December 30, 2010
January 4, 2011
January 2, 2011
January 3, 2011
December 31, 2010
The holiday had nothing to do with it, although the timing was exquisite. The gesture by Shaquille O'Neal happened to be announced on Thanksgiving, and that gave greater meaning to a unique act of kindness.
We are too familiar with the manner some athletes have gained headlines away from their games. So many have been arrested, whether for serious offenses, Plaxico Burress pleading guilty to criminal possession of a weapon, or lesser ones.
If Shaq is guilty of anything, however, it's sensitivity. Others may have shamed sports, made us ask "What's the matter with these guys? Don't they have a brain in their head?''
O'Neal provided a large percentage of pride. He did what's right. Without being asked or coaxed.
Shaq is far from perfect. He is being sued for divorce. But he always has been a caring individual, raised in a military family by a stepfather who demanded discipline and respect.
Shaq may play a mean game of basketball, although now at age 37, he is too often injured, including currently, having not been in uniform for the Cleveland Cavaliers since mid-November because of a shoulder ailment.
In the game of life, as so many big men, O'Neal rarely is mean.
Perhaps he does not fit the mythical category of Gentle Giant. So we label him the Considerate Competitor. Or employ the description he often has used on himself, the Big Socrates.
Touched by the tragedy of 5-year-old Shaniya Davis, who police say was kidnapped and killed, and whose body was found a week and a half ago beside a rural road in North Carolina, O'Neal paid for the child's funeral.
"I was sitting at home watching it on the news,'' O'Neal told the Cleveland Plain Dealer, "and the story brought a tear to my eye.''
He saw what we all saw, hate, pain, tragedy, tales told repeatedly in modern society. A girl he didn't know. A story we all know. Shaquille O'Neal was not content merely to step away.
He never has been.
"The greatest leader is the greatest servant,'' O'Neal posted recently on Twitter, then added meaningfully, if grammatically incorrect - intentionally most likely -- "I don't want no enemies. Love you all.''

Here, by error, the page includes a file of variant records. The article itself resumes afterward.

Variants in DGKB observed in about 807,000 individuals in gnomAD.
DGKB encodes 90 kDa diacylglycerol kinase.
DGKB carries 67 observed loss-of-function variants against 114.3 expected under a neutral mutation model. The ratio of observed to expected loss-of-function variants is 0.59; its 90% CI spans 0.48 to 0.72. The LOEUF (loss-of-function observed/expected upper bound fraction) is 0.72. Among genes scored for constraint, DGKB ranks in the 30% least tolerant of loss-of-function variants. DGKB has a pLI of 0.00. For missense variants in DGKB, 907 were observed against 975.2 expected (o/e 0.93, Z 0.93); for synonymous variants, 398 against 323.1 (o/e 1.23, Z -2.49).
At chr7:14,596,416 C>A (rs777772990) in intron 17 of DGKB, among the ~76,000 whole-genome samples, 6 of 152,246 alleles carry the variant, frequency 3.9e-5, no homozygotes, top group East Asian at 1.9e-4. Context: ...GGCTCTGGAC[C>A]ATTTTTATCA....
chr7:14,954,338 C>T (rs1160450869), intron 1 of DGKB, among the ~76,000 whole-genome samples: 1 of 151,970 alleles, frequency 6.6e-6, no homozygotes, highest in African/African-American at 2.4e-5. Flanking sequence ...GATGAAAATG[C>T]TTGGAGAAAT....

His enemies are few. Shaq and Kobe Bryant had ego problems when teammates on the Lakers, but now, on different teams, they have reconciled. His admirers are many.
Having left LSU after his sophomore year to become the No. 1 pick in the 1992 NBA draft, O'Neal returned at times and did enough work, in correspondence or on campus, to earn his degree in 2000.
"LSU is where I created Shaq,'' said O'Neal in September, hosting a program to prepare student-athletes for post-college life by focusing on academic and athletic excellence, community service and career development.
"I used to be in the dorms wishing I would be good enough to make the NBA.''
He was good enough. Also good enough to make a difference in other's lives.
As a boy, Shaq was a problem not easily corrected. Separated from his biological father as an infant, O'Neal came under the guidance of his stepdad, a U.S. Army sergeant, Philip Harrison, who was shipped to a base in Bavaria.
According to Sports Illustrated and his separate autobiography, once overseas, young Shaq became a troublemaker, breaking into cars, hitting teachers, hoping to be sent home to the U.S.
Harrison, who would join the FBI after retiring from the military, told the boy, "Look son. No matter what you do, I'm not letting them send you back. And if you don't listen to me, I'm going to beat your butt every single day.''
Shaq listened. Shaq grew. Literally, to 6-fooot-6 at age 13 on his way to 7-1, 325 pounds. Also culturally. The Army is a place of trust, sharing and responsibility. You're as dependent for survival on the soldier next to you as he is dependent on you.
O'Neal has a perverse if delightful sense of humor. Paid millions a year, Shaq said his income and wealth are miniscule compared to, say, Larry Ellison, the billionaire chief of Oracle. "Now,'' said Shaq, "there's a rich man.''
Shaq has released four rap albums, appeared in several films, been in commercials and even starred in his own reality show, albeit one the critics didn't find particularly enthralling.
When playing for the Heat, O'Neal, who often talked about going into law enforcement, was made a U.S. Marshal and Miami reserve police officer and assisted in arrests. Dare we say none involving another athlete?
"My (step)father was my hero,'' said Shaq, "I am not a hero.''
For stepping up to make sure Shaniya Davis had "a funeral as beautiful as she was,'' Shaquille O'Neal is a hero to us all.